Speed Asphalt Cooling with Dry Ice
Asphalt paving work looks rough-and-ready, but it is actually a ballet. The hot mix has to leave the plant at just the right temperature to arrive at the job site ready for spreading. The paving machine needs a constant supply of asphalt from the trucks. The rollers must compact the asphalt effectively to get long-lasting pavement.
Highway agencies establish contract requirements regarding the acceptable compaction and final density of the asphalt paving. This is tested by cutting cores from the new paving for examination in a lab. The coring requirements are very particular in order to prevent damage to the core sample. To cut an undamaged core for testing, the asphalt must cool down. This time delay can be costly to the contractor if inadequate compaction is discovered much later in the lab.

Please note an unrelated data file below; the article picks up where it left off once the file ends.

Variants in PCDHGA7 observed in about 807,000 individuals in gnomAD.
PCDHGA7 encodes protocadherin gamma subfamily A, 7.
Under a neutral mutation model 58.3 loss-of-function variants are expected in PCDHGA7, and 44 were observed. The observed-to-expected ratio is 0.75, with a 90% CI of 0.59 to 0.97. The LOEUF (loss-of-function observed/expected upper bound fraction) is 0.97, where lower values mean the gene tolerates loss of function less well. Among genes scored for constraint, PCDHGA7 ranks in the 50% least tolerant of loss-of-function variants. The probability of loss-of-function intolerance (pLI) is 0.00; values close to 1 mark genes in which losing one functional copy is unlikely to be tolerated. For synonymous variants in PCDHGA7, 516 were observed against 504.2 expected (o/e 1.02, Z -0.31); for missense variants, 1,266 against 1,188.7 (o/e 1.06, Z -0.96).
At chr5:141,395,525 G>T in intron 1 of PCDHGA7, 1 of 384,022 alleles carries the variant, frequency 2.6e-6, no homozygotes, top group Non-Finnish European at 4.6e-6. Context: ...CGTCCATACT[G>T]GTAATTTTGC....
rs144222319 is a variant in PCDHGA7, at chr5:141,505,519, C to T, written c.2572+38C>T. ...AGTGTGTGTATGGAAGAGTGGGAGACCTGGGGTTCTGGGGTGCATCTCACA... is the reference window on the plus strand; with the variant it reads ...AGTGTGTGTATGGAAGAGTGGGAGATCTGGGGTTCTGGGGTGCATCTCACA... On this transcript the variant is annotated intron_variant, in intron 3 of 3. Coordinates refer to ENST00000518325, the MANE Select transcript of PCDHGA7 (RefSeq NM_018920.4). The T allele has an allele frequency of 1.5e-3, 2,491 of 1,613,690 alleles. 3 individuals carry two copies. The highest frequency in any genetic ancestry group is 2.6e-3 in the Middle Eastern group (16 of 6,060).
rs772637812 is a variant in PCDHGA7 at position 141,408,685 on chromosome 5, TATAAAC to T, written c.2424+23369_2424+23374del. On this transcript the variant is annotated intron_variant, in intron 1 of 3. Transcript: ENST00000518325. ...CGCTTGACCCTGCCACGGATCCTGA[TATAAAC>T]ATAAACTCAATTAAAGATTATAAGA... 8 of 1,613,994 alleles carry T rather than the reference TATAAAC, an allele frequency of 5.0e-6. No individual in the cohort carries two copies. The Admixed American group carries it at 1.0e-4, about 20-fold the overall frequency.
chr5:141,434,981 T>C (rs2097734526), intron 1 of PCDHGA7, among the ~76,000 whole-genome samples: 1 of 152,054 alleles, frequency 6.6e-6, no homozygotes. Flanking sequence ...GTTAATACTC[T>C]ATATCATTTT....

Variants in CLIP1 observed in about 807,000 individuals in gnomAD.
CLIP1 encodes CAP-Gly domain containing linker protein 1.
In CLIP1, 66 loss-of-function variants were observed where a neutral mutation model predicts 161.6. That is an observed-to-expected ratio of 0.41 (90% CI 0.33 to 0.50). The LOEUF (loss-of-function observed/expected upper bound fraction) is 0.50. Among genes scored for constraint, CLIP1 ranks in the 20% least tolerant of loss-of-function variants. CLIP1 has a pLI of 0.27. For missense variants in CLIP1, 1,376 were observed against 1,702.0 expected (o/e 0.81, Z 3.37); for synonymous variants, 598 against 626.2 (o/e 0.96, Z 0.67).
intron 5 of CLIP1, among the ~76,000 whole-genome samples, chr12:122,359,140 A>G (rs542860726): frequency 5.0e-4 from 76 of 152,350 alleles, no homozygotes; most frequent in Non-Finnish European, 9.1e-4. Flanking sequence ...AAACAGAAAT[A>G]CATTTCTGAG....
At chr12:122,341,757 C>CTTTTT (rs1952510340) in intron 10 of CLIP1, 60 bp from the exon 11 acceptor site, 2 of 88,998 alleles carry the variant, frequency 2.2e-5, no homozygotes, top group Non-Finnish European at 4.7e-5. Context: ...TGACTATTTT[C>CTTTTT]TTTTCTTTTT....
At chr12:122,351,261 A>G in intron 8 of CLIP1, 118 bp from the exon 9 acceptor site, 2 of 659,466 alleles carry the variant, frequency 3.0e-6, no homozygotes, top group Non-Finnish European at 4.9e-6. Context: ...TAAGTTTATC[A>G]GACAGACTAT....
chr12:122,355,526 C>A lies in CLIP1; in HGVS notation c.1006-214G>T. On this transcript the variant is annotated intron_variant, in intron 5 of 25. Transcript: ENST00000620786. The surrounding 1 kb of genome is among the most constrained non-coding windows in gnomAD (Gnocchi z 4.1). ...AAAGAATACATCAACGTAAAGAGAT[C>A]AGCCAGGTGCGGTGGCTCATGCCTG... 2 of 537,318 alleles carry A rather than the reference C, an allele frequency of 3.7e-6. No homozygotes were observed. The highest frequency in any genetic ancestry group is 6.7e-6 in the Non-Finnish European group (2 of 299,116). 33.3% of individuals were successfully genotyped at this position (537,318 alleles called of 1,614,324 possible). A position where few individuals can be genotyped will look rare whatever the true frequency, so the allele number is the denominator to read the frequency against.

To speed the cooling process and core the paving sooner, contractors use dry ice. The dry ice is not placed directly on the newly-rolled asphalt, because the thermal shock from the extreme cold would put micro-fractures in the sample core. Usually wet ice, left in a plastic bag to keep the asphalt surface dry, is placed between the dry ice and the pavement area. In addition, a mobile testing lab is positioned at the job site to speed up field evaluations.